A cap 54 is hingedly connected to the neck structure 118 by a hinge 58 for movement between closed and open positions. (The closed position of the cap 54 is shown in FIG. 6A, while the open position of the cap 54 is shown in FIG. 6B.) As in the previous embodiment, the cap 54 engages a flange 56 on the neck structure 118 when closed. The penetrating structure 126 is coupled to the cap 54 for automatic penetration of the membrane 12 by a strap 128. The strap 128 is connected on one end to the underside surface 60 of the cap 54 and on the other end to an upper portion 134 of the penetrating structure 126. Between the underside surface 60 of the cap 54 and the penetrating structure 126, the strap 128 is trained over a portion of the channel 120 such that it extends downwardly from the underside 60 of the cap 54 to the channel 120, and then upwardly from the underside of the channel 120 to the upper portion 134 of the penetrating structure 126. In this way, the strap 128 translates an opening motion of the cap 54 into a downward, membrane penetrating movement of the penetrating structure 126. FIG. 6B illustrates the opening movement of the cap 54 and the resultant downward movement of the penetrating structure 126 that is caused by the strap 128.
  • [0058]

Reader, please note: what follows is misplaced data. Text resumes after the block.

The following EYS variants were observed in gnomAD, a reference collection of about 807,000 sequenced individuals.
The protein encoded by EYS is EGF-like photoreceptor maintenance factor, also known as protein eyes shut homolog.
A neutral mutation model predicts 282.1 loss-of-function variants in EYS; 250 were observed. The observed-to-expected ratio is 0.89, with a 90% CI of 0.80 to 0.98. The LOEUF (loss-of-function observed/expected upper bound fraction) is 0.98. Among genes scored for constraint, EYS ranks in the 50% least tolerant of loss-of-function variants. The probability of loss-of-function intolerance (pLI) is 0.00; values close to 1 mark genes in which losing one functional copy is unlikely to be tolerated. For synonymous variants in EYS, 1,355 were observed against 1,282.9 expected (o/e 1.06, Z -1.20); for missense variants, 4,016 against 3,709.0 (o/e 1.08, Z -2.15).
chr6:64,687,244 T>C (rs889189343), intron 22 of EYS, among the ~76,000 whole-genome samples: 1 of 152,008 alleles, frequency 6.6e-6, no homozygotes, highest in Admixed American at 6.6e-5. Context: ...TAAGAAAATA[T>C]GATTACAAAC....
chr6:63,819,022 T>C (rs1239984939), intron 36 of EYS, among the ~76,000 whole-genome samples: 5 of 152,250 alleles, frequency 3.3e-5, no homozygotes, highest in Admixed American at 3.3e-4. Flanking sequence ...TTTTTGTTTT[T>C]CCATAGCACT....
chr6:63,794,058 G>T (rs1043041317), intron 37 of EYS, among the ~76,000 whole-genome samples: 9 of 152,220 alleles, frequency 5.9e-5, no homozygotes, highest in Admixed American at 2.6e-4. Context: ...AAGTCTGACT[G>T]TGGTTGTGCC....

Initially, the strap 128 is connected between the cap 54 and penetrating structure 126 such that there is essentially no “slack” therein. Therefore, the penetrating structure 126 will immediately penetrate the membrane 12 when the cap 54 is opened the first time. After the membrane 12 has been penetrated, the penetrating structure 126 may slide up and down within the channel 120 during subsequent openings and closings of the cap 54, but will remain within the channel 120 and connected to the strap 128. Thus, the penetrating structure 126 will not fall into the container 16 after opening. The strap 128 may be connected to the cap 54 and penetrating structure 126 by adhesives, or by fasteners such as staples. Alternatively, if the strap 128, penetrating structure 126 and cap 54 are all made of thermoplastic materials, the strap 128 may be fused to the penetrating structure 126 and cap 54, or the strap 128 may include hooked ends that cooperate with the cap 54 and/or penetrating structure 126.